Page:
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Health and Safety: On the road in China

It is easy to get stressed out when travelling by road in China, so here we offer some tips and advice on how to stay safe.


Most resident expats will remember the first time they travelled by road in China. They will either have taken a taxi, or have been picked up on arrival at the airport before being brought to their hotel. That journey will have been a little eye-opener of modern China and how although cities have changed and much infrastructure has been built, old habits remain ingrained. Bicycles may have been replaced with electric scooters and cars, however the attitude of the lone cyclist has prevailed. Little consideration is given to other road users, road markings are routinely ignored and drivers seem only to want to get to their destination in the fastest time possible: all of which makes for some scary driving experiences and an increasing number of accidents.

Action on Road Safety

As more and more cars come on to China’s roads each year, the government has been pressed to act on road safety. December 2, 2012 was the first annual China Road Safety Day. Officials from the Ministry of Transport, the police and various volunteer organizations held a number of exhibitions and lectures to promote road safety. There was also a heavy presence on roads where government workers handed out pamphlets advising drivers to adhere to the rules of the road. That will be one of China’s biggest issues as it tries to improve driving standards - strictly enforcing the rules of the road and punishing those that break them.

National Driving Regulations

Worryingly, many drivers simply do not know the national driving regulations and do not abide by them as they are so loosely enforced. The problem stems from how young drivers are taught and how they earn their licence. To begin with, budding young drivers must complete a driving instruction and theory course, usually a minimum of eight lessons, with a qualified instructor. Once the course has been completed, the instructor decides whether or not the applicant has sufficient skill and knowledge to receive their licence. Of course, such a system is open to manipulation, and offerings of gifts or cash are usually made in exchange for the licence being issued. The result is a significant number of new or learner drivers on the roads that do not have the skills or knowledge to drive safely and competently.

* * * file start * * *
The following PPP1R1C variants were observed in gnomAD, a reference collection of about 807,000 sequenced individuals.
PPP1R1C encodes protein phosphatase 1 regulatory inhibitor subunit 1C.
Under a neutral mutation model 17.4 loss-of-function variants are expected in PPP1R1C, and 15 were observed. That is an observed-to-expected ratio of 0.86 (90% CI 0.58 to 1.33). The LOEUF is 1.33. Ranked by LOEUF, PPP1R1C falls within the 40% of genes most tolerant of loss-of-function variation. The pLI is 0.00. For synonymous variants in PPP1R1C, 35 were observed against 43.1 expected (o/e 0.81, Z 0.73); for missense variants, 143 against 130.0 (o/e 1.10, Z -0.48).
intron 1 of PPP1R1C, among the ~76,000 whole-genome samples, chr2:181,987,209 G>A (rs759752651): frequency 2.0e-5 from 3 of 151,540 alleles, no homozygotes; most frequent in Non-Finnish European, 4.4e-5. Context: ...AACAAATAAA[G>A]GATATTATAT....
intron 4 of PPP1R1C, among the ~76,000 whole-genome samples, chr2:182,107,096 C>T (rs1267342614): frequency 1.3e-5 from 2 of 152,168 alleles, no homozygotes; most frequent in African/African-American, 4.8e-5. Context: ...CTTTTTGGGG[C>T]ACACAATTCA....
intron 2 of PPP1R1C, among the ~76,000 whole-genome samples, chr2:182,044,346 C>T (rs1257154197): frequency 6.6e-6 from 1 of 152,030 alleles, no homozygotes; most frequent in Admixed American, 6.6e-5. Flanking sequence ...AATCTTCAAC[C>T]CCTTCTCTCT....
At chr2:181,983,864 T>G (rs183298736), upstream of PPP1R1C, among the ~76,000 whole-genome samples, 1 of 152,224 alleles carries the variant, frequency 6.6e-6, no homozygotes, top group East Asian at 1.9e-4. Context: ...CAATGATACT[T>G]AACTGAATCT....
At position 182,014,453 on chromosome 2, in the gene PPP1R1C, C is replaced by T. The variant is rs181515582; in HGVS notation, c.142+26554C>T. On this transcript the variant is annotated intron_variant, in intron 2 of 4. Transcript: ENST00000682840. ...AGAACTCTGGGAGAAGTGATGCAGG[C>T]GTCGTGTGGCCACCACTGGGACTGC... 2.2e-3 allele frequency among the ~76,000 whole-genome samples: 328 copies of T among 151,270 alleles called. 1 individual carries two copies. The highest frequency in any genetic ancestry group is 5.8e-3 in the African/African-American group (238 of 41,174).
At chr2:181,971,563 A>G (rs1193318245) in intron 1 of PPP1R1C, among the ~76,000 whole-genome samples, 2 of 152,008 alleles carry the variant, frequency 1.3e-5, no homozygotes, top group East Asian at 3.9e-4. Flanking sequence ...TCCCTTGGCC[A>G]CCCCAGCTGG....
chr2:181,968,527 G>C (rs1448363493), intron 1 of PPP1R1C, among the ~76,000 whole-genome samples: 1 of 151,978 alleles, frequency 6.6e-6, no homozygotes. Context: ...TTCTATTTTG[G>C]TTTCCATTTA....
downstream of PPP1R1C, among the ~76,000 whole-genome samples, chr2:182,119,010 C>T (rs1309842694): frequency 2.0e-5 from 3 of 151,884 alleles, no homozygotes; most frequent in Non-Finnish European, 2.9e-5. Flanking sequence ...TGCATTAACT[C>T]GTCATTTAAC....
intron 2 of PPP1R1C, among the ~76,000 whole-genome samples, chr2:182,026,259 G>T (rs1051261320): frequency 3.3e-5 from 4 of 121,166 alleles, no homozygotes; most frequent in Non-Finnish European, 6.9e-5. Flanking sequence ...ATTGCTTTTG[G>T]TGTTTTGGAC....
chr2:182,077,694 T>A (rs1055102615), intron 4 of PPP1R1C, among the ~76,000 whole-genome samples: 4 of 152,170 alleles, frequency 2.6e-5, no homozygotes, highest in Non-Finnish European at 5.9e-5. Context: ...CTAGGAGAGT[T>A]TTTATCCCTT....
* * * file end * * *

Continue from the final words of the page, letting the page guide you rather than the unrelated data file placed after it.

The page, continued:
Road Traffic Accidents

China has one of the worst road safety records as per the number of cars on the roads. Large scale accidents involving buses, trucks and lorries regularly result in serious injury and fatalities. In the first six months of 2011, 25,864 people died on Chinese roads with many thousands more injured. Because of underreporting by police and discrepancies about how the statistics are compiled - for example, deaths occurring on unofficial roads are not included - many observers feel the actual number of deaths is at least double the official toll.

3 Tips for Prevention

Although very few expats actually drive themselves, many will have their own driver or regularly use taxis. Nonetheless, the following tips and advice will help maintain a degree of safety while travelling on the road.

1. Use the Seat Belt

Nobody seems to use the seat belt in China; not the driver or any of the passengers. Although traffic police can be found at major road junctions at peak times, rarely will they pull a driver over for not wearing their seat belt. Like many of China’s road laws, this one is not enforced at all. That does not, however, mean that abstaining from seat belt use is okay. Using the seat belt has been proven to save lives, and those who refuse to use it are placing themselves and fellow passengers at greater risk of serious injury.

Should a car crash while travelling at high speeds, passengers that are not wearing their seat belt have little control over their bodies. They can easily injure themselves through impact with the cars interior, or depending where they are sitting, they might collide with fellow passengers or even be thrown out of the car. Seat belts are not just there for decoration, they are integral to road safety. So use them.

2. Slow Down

Although it might just be a short drive from A to B, there is no doubt a driver will try to get there in the quickest time possible. This will involve weaving in and out of traffic lanes, possibly breaking red lights, and continuously beeping at other cars, cyclists, and even pedestrians that dare to get in the way. Unless there is a genuine emergency and a need for driving at that speed, simply ask the driver to slow down. They may not speak good English, so three basic words should get the message across: man man kai (慢慢开).

3. Alternatives to Road Travel

After one or a number of hell-raising driving experiences, some may decide it’s not really for them and choose a different form of transport. Within most of China’s major cities, the subway or metro offers a viable alternative. It is cheap, stations are plentiful and it runs from early morning until around midnight. For intercity travel, China’s rail network now covers most of the country, with some major cities and provinces connected by the new high-speed rail service. This is often the best and safest way to travel between cities as driving standards drop considerably in rural areas.

 

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